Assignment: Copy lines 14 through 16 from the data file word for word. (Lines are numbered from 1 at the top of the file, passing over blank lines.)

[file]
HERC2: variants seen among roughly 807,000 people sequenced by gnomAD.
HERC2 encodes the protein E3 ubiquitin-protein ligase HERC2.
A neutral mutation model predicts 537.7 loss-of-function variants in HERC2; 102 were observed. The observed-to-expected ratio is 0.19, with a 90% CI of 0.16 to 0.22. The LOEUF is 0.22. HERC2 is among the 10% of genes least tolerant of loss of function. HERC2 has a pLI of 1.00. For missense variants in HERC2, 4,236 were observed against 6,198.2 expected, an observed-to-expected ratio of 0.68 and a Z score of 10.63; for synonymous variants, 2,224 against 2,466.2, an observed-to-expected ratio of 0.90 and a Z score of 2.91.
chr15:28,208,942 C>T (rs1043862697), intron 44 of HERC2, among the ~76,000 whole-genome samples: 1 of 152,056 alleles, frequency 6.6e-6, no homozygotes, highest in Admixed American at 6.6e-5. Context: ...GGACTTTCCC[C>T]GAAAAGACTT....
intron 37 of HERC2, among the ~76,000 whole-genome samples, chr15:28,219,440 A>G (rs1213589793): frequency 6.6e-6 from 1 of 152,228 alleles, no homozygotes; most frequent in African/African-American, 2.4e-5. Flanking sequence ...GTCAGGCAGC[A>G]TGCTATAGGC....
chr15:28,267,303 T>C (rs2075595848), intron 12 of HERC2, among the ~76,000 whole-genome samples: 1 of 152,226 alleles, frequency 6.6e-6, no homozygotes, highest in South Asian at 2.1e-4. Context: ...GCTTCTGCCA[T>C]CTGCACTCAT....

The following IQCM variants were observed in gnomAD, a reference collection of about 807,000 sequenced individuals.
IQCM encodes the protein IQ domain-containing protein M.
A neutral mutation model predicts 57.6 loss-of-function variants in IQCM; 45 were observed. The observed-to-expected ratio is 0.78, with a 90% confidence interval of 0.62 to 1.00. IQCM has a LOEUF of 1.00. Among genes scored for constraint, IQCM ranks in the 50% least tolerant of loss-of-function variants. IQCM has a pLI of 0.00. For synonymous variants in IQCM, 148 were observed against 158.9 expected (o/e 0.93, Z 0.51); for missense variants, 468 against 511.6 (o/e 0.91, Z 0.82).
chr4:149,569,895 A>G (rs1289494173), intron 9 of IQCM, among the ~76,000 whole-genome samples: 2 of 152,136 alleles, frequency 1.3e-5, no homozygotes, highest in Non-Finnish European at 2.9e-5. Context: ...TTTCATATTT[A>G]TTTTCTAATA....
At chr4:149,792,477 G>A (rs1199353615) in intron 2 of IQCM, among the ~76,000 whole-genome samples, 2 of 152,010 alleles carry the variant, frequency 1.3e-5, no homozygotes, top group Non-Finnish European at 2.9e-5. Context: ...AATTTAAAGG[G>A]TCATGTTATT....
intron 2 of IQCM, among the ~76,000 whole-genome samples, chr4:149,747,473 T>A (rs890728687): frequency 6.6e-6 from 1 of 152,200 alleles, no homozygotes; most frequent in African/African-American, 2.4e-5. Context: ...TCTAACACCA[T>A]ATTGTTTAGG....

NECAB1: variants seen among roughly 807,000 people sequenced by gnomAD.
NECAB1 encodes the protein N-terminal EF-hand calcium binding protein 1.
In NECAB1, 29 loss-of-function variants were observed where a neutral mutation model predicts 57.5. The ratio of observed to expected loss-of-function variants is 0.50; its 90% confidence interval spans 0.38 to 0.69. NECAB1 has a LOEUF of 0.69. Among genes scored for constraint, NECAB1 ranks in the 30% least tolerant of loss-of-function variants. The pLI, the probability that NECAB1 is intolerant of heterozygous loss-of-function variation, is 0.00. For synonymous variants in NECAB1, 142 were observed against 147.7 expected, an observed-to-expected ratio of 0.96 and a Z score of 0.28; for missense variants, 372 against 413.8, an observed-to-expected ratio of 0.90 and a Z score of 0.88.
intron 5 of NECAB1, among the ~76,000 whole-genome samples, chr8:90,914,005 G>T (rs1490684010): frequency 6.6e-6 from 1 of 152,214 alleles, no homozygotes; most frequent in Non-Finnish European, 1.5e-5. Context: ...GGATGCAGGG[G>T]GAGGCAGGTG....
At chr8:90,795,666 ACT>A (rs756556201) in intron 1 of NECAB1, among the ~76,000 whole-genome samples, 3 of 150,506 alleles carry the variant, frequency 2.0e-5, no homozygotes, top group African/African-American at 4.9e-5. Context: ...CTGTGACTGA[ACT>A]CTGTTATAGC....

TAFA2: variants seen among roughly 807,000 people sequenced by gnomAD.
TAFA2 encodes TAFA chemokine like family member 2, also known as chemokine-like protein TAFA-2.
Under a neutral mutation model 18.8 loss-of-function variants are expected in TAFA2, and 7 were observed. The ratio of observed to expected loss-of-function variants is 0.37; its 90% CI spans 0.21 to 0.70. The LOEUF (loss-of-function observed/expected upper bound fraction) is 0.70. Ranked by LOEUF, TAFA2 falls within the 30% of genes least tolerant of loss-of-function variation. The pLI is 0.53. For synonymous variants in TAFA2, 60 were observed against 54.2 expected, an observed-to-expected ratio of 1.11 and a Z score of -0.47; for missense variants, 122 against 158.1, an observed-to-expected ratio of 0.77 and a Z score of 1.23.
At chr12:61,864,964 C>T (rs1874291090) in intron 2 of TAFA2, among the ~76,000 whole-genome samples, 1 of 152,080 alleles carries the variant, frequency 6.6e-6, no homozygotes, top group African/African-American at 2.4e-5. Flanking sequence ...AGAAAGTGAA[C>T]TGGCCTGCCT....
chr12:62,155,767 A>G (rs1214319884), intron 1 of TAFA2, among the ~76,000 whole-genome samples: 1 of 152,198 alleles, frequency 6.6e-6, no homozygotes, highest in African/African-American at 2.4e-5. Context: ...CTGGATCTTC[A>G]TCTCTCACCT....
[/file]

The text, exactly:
NECAB1 encodes the protein N-terminal EF-hand calcium binding protein 1.
In NECAB1, 29 loss-of-function variants were observed where a neutral mutation model predicts 57.5. The ratio of observed to expected loss-of-function variants is 0.50; its 90% confidence interval spans 0.38 to 0.69. NECAB1 has a LOEUF of 0.69. Among genes scored for constraint, NECAB1 ranks in the 30% least tolerant of loss-of-function variants. The pLI, the probability that NECAB1 is intolerant of heterozygous loss-of-function variation, is 0.00. For synonymous variants in NECAB1, 142 were observed against 147.7 expected, an observed-to-expected ratio of 0.96 and a Z score of 0.28; for missense variants, 372 against 413.8, an observed-to-expected ratio of 0.90 and a Z score of 0.88.
intron 5 of NECAB1, among the ~76,000 whole-genome samples, chr8:90,914,005 G>T (rs1490684010): frequency 6.6e-6 from 1 of 152,214 alleles, no homozygotes; most frequent in Non-Finnish European, 1.5e-5. Context: ...GGATGCAGGG[G>T]GAGGCAGGTG....